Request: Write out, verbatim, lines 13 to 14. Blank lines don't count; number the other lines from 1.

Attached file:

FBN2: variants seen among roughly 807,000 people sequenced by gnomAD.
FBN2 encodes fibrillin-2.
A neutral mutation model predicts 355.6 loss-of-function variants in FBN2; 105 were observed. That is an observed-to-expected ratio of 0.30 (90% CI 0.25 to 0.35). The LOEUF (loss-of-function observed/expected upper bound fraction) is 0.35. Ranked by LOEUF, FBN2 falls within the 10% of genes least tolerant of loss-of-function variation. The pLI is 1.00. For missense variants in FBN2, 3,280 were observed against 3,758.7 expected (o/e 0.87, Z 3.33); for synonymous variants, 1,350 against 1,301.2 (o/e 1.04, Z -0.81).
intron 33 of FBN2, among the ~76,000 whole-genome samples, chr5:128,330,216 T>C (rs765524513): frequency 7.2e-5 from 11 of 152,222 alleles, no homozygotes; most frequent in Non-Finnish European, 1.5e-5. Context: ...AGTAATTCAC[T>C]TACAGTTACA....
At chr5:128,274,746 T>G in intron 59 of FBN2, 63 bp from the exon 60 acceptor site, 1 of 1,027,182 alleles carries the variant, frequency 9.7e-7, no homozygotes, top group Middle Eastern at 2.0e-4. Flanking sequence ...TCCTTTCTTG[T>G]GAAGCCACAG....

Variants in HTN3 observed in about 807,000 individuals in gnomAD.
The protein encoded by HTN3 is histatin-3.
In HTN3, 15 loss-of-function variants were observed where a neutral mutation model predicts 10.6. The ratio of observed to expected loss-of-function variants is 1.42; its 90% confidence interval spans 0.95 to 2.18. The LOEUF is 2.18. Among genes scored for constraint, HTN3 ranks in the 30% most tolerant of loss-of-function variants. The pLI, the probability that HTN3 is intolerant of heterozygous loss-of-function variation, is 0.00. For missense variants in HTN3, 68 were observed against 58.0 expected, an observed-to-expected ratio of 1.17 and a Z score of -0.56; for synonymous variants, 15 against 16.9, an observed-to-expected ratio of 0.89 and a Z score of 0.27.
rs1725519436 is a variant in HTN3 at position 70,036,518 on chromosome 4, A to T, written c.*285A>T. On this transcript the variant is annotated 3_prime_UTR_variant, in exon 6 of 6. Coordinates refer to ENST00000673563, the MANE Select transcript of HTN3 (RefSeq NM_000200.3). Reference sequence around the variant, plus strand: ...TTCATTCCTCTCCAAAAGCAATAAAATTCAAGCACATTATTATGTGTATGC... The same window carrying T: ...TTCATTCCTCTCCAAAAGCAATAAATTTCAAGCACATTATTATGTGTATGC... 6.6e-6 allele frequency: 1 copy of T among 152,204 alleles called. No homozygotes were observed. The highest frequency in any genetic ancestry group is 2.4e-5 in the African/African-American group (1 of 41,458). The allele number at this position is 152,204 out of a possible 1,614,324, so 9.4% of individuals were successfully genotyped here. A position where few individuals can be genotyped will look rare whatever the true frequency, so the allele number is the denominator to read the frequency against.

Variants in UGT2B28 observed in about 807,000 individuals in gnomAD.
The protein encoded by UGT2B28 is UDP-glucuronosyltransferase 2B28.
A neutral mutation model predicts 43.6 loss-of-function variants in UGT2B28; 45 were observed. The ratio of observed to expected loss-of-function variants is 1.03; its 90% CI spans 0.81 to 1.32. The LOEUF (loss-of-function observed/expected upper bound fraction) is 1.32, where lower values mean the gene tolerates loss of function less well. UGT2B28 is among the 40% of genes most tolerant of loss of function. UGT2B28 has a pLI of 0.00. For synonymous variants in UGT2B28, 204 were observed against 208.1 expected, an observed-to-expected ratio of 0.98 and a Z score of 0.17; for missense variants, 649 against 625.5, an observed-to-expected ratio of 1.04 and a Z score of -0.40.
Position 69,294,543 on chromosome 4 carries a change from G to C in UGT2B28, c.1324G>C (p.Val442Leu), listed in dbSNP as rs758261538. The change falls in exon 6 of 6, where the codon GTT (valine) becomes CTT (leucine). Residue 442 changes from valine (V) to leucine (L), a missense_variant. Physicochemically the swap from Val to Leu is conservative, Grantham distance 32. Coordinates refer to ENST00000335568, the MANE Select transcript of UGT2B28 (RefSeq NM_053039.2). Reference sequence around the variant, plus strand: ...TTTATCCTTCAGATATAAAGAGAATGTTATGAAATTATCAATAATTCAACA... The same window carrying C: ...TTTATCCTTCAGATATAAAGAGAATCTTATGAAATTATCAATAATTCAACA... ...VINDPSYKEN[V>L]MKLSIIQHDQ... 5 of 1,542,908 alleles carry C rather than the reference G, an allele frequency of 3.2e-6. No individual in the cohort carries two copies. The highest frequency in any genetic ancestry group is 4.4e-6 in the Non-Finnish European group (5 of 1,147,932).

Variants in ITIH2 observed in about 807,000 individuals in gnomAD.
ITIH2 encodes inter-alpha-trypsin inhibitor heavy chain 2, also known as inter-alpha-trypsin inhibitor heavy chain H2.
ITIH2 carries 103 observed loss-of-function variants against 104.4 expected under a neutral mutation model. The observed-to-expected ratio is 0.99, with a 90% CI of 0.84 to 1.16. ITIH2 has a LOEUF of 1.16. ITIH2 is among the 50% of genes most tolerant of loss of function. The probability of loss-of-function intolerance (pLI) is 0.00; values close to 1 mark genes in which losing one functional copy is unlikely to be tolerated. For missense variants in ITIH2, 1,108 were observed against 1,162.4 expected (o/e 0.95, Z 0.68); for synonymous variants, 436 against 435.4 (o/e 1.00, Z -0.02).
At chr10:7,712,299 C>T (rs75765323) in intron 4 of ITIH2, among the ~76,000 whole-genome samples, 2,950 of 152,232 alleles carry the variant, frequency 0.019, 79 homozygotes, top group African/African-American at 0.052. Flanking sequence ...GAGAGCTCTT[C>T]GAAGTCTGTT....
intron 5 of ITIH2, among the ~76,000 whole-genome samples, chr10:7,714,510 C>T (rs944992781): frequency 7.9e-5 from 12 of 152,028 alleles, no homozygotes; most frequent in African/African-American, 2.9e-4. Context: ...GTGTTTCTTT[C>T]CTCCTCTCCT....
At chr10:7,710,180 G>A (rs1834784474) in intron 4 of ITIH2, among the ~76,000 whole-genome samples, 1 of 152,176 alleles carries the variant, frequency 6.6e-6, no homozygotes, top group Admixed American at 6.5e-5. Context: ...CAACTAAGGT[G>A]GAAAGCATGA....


Position 69,294,543 on chromosome 4 carries a change from G to C in UGT2B28, c.1324G>C (p.Val442Leu), listed in dbSNP as rs758261538. The change falls in exon 6 of 6, where the codon GTT (valine) becomes CTT (leucine). Residue 442 changes from valine (V) to leucine (L), a missense_variant. Physicochemically the swap from Val to Leu is conservative, Grantham distance 32. Coordinates refer to ENST00000335568, the MANE Select transcript of UGT2B28 (RefSeq NM_053039.2). Reference sequence around the variant, plus strand: ...TTTATCCTTCAGATATAAAGAGAATGTTATGAAATTATCAATAATTCAACA... The same window carrying C: ...TTTATCCTTCAGATATAAAGAGAATCTTATGAAATTATCAATAATTCAACA... ...VINDPSYKEN[V>L]MKLSIIQHDQ... 5 of 1,542,908 alleles carry C rather than the reference G, an allele frequency of 3.2e-6. No individual in the cohort carries two copies. The highest frequency in any genetic ancestry group is 4.4e-6 in the Non-Finnish European group (5 of 1,147,932).

Variants in ITIH2 observed in about 807,000 individuals in gnomAD.